didn’t have spare money for the concession stand.
She married my Dad (step-father “Bruce”) in 1964 and we moved to Richardson, Texas which is a suburb of Dallas. My Mom was really a huge defender
of me during my high school years as I was a hell raiser, rock & roll lead singer in a band and, in my own mind, God’s greatest gift to high school
girls everywhere. In fact, I would now like to thank my Mom, post mortem, for my TOP TEN things she covered my buttocks on while I was in high
Mom, thanks for:
1. Not telling Dad when you caught me in bed with those two girls who climbed into my bedroom window that night.
2. Not telling Dad that you had to wake me up from a wild night of partying and have me remove my car from the middle of the yard because I had missed
our circle driveway.
3. Not telling Dad about the girl’s dress you zippered up so he wouldn’t see when you guys came home unexpectedly.
4. Telling Dad that it was you who bought the case of Coors beer just to try it.
5. Telling Dad you had to do an errand and came and bailed me out of jail from that party our band played for.
6. Giving me money behind Dad’s back for all the clutches I burned up racing in my 1965 Corvair Convertible.
7. Telling Dad you gave me permission to have a few girls over when the band practiced at our house that day and the police were called.
8. Wiring me money when you and Dad were in Vegas when I was thrown in jail for unpaid traffic tickets.
9. Not telling Dad when you knew that I had driven your 1964 Cadillac Convertible without permission that week you were in Hawaii before I even had a
10. Putting up with all my late nights and always being there to be sure I got home safely.
The next biggest test for my Mom was when I volunteered to join the Air Force to keep from going to Vietnam by being drafted in the Army. It almost
killed her emotionally when I told her I had volunteered that first time. I’ll never forget the drive to the airport after my 30 day leave. She had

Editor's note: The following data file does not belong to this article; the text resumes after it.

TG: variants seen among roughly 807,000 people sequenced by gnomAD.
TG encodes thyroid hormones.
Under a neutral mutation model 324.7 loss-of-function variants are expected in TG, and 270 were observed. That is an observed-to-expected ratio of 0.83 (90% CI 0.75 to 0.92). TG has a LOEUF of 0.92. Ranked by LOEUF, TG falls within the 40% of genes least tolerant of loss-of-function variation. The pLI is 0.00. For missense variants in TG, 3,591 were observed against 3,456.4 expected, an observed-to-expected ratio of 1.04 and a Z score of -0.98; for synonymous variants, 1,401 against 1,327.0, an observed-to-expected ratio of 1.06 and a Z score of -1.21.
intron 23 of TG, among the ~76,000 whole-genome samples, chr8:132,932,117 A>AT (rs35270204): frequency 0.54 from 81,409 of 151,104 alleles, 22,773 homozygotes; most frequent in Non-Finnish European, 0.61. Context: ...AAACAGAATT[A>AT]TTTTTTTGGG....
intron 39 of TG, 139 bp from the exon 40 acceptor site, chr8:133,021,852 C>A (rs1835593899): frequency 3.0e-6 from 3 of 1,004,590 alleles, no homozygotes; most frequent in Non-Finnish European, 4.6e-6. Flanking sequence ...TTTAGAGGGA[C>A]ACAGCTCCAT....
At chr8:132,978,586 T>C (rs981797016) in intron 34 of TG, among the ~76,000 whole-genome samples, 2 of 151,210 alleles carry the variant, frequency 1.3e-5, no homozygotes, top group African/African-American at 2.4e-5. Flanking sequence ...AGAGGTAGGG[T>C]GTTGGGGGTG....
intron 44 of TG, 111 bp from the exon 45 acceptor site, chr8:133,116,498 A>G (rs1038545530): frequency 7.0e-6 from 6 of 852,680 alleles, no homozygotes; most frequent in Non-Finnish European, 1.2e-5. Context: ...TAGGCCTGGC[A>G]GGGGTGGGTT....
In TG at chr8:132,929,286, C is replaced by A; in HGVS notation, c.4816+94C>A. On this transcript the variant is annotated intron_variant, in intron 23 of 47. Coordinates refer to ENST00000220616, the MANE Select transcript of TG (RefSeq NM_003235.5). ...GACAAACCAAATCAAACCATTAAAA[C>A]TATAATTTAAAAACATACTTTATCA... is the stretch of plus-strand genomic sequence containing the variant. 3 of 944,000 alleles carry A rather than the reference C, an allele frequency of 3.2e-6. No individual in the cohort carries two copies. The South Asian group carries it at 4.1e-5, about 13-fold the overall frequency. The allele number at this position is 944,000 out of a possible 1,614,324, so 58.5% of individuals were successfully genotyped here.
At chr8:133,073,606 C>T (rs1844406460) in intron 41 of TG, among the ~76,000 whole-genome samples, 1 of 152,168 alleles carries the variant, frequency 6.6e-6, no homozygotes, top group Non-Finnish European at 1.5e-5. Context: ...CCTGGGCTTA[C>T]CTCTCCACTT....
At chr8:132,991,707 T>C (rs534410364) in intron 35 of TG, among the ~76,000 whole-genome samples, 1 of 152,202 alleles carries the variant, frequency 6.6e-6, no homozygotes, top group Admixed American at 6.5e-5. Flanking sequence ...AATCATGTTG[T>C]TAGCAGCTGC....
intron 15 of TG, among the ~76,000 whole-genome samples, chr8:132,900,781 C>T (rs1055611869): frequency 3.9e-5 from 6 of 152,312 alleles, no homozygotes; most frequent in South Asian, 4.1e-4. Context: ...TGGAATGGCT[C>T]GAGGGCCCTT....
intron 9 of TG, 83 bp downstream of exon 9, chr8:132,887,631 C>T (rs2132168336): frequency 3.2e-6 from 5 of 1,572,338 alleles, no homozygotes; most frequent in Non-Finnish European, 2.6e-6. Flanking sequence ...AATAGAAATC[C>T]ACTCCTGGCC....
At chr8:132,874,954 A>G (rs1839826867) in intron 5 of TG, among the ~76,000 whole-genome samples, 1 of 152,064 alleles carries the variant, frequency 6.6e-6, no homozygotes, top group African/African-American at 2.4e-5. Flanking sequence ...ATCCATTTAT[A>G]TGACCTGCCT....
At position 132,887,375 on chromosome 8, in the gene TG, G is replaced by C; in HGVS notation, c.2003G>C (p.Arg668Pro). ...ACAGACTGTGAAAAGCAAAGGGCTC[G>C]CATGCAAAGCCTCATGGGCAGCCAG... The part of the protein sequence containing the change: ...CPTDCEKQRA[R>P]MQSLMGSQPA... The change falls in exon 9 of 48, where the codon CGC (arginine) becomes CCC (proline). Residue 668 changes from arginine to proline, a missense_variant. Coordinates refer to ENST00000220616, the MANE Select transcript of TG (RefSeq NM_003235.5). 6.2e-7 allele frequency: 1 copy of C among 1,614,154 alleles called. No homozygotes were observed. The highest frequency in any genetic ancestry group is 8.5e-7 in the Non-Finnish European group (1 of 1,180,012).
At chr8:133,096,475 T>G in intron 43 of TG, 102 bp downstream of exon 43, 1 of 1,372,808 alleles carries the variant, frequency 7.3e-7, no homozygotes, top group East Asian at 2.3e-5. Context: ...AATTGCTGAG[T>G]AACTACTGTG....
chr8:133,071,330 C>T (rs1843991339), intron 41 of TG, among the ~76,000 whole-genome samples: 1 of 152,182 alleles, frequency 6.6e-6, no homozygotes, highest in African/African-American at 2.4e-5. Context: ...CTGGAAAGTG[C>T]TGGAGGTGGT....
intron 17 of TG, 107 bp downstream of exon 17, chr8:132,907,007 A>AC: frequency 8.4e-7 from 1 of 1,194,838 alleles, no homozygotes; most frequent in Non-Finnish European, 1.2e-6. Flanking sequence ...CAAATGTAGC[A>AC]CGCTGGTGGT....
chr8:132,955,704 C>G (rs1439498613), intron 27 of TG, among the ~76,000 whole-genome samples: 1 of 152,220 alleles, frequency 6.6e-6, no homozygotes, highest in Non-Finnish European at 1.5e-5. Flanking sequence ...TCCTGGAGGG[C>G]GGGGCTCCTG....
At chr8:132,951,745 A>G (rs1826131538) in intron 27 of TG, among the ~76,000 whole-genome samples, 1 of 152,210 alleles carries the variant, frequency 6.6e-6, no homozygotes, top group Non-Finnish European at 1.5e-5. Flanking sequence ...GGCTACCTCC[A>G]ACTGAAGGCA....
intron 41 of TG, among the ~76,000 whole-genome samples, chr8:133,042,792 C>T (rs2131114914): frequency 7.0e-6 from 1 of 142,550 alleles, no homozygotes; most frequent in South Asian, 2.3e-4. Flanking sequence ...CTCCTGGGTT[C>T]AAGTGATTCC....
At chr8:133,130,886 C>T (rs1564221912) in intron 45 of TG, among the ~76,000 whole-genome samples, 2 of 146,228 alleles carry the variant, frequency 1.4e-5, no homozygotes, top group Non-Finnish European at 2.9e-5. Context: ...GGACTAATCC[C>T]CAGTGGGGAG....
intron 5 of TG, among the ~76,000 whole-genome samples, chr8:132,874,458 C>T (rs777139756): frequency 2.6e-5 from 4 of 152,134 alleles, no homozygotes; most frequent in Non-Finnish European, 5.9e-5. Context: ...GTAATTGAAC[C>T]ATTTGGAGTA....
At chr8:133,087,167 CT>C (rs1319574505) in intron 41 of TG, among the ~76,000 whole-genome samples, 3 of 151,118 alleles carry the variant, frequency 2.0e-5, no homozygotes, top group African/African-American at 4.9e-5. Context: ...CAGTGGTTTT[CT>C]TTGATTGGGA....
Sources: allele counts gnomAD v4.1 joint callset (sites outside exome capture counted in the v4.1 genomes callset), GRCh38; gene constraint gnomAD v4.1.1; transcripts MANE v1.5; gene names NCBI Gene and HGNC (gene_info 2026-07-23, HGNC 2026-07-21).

big crocodile tears in her eyes as she hugged me for the last time. My following two tours were probably more painful for her than the first because
she couldn’t understand why I would intentionally put myself in harm’s way after surviving the first time. She finally understood when I told her
about Radio First Termer during my last tour in Saigon.
When I left the service, because my Dad “Bruce” was in ill health, I put my dream of being a DJ on hold to take over the family business so that
both she and my Dad would have security and a solid income. The next 35 years my Mom would be my rock. She would see me through a couple of bad
marriages, a period of depression, a series of ups and downs with the family business before it would skyrocket, the birth of my two sons and the 21
year marriage and counting with my wife Bunny, whom she dearly loved. The biggest thrill of her life, however, was when I made her aware in February
2006 of the Dave Rabbit Cult that had been going on in a parallel universe without any of our knowledge. Of course, from that moment to the day that
she passed away, she has been an avid fan of the reborn Dave Rabbit mentality and personality. She has listened to everything that I have ever done,
laughed and cried. Her favorite moments were Jane Fonda, Shirley MacLaine, William Rodriguez and all the ATS MIX Shows that Johnny Anonymous and I
created for AboveTopSecret.Com. The biggest “gift” to me was supporting me in my decision to sell the 54 year old family business in May 2007 and
pursue, at 59, my delayed 36 year dream of being a professional broadcaster FULL TIME. As we approach 2008 with tremendous hope of syndication with a
daily ATS MIX Show, my only regret is that she didn’t live long enough to see that day when I sign a contract and my Holy Grail, my dream, becomes
I love you Mom. Thanks for being the one person in my entire life who was always there for me, with unfaltering love, devotion and support.
aka Dave Rabbit
[edit on 12/27/2007 by Dave Rabbit]